This is an action of contract in which the plaintiff seeks to recover on either of two counts, the first on an express contract and the second in quantum meruit, for a real estate broker's commission on the sale of certain real property. The District Court found for the defendants upon rulings based upon findings of fact. The Appellate Division dismissed the report. On appeal to the Supreme Judicial Court from the decision and order of the Appellate Division, the case was transferred to us under G. L. c. 211A, Section 12. While it brings several specific issues before us, central to all of them is whether or not the plaintiff produced a buyer ready, willing and able to purchase on the defendant's terms. The findings of the District Court include the following: "the plaintiff did not find a customer who was able, ready and willing to purchase on the defendant's terms. I find that [the] prospective customer was willing, but not able to financially complete the transaction. The transaction, as indicated previously, was conditioned on obtaining a mortgage, which the plaintiff tried to obtain but could not. . . . I find it was an obligation which the plaintiff assumed as part of his employment . . .." Our review of the evidence before us leads us to concur with the judge below. While it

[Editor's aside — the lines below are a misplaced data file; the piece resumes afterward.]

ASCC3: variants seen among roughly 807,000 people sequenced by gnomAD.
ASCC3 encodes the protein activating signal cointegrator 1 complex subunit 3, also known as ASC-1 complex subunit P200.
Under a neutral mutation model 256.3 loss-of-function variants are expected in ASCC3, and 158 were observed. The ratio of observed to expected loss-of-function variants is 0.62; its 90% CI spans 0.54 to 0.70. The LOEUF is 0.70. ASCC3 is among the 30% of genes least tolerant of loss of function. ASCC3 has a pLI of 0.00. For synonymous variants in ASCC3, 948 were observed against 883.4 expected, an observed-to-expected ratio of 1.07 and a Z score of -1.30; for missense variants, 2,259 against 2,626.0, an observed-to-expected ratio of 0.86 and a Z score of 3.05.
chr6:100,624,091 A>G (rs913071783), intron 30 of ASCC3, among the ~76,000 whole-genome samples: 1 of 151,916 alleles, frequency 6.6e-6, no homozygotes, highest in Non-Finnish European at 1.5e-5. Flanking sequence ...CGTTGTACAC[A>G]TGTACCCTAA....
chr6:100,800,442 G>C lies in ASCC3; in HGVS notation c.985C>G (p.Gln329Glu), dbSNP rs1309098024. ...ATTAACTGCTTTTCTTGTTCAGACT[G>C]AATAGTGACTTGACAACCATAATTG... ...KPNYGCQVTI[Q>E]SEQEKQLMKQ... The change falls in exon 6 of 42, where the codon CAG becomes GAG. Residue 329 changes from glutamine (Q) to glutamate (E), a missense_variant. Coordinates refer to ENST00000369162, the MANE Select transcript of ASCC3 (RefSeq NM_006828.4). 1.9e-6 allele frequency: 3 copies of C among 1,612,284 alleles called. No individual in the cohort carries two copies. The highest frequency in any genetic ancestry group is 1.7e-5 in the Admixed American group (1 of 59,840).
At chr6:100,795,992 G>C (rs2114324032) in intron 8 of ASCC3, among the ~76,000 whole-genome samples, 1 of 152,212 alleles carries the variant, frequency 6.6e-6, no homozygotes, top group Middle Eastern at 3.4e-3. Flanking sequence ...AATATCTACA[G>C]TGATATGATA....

could have been found that the plaintiff produced the party who eventually did purchase the defendant's property, it could also have been found that the relationship between the plaintiff and the defendant was terminated as a result of the plaintiff's failure to secure financing for the potential buyer according to the brokerage agreement. We agree that the second broker employed, who did secure the financing, was the effective cause of the sale and thus was the only one entitled to the brokerage commission. Delaney v. Doyle, 267 Mass. 171 , 176-177 (1929).
Order dismissing report affirmed.